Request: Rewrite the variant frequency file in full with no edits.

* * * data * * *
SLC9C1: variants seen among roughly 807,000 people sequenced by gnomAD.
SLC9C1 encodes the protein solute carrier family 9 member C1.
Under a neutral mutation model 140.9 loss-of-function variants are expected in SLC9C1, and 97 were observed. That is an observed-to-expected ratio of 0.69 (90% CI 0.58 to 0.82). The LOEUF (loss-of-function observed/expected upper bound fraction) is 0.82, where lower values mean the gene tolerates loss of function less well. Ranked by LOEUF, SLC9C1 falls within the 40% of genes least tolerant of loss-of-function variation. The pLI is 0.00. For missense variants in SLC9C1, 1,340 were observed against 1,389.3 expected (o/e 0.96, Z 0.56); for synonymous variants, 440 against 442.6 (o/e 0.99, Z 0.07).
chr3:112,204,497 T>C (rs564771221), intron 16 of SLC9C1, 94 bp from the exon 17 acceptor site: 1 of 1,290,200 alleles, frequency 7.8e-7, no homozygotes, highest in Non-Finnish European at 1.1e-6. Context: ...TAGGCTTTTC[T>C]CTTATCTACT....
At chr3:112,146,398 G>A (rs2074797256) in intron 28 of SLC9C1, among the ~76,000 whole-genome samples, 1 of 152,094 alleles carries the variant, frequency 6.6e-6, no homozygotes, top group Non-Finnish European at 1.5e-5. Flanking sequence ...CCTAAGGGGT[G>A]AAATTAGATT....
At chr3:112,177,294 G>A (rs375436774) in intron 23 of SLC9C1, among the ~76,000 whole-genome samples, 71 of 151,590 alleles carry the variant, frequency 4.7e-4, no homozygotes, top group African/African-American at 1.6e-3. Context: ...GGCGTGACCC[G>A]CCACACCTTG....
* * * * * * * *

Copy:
SLC9C1: variants seen among roughly 807,000 people sequenced by gnomAD.
SLC9C1 encodes the protein solute carrier family 9 member C1.
Under a neutral mutation model 140.9 loss-of-function variants are expected in SLC9C1, and 97 were observed. That is an observed-to-expected ratio of 0.69 (90% CI 0.58 to 0.82). The LOEUF (loss-of-function observed/expected upper bound fraction) is 0.82, where lower values mean the gene tolerates loss of function less well. Ranked by LOEUF, SLC9C1 falls within the 40% of genes least tolerant of loss-of-function variation. The pLI is 0.00. For missense variants in SLC9C1, 1,340 were observed against 1,389.3 expected (o/e 0.96, Z 0.56); for synonymous variants, 440 against 442.6 (o/e 0.99, Z 0.07).
chr3:112,204,497 T>C (rs564771221), intron 16 of SLC9C1, 94 bp from the exon 17 acceptor site: 1 of 1,290,200 alleles, frequency 7.8e-7, no homozygotes, highest in Non-Finnish European at 1.1e-6. Context: ...TAGGCTTTTC[T>C]CTTATCTACT....
At chr3:112,146,398 G>A (rs2074797256) in intron 28 of SLC9C1, among the ~76,000 whole-genome samples, 1 of 152,094 alleles carries the variant, frequency 6.6e-6, no homozygotes, top group Non-Finnish European at 1.5e-5. Flanking sequence ...CCTAAGGGGT[G>A]AAATTAGATT....
At chr3:112,177,294 G>A (rs375436774) in intron 23 of SLC9C1, among the ~76,000 whole-genome samples, 71 of 151,590 alleles carry the variant, frequency 4.7e-4, no homozygotes, top group African/African-American at 1.6e-3. Context: ...GGCGTGACCC[G>A]CCACACCTTG....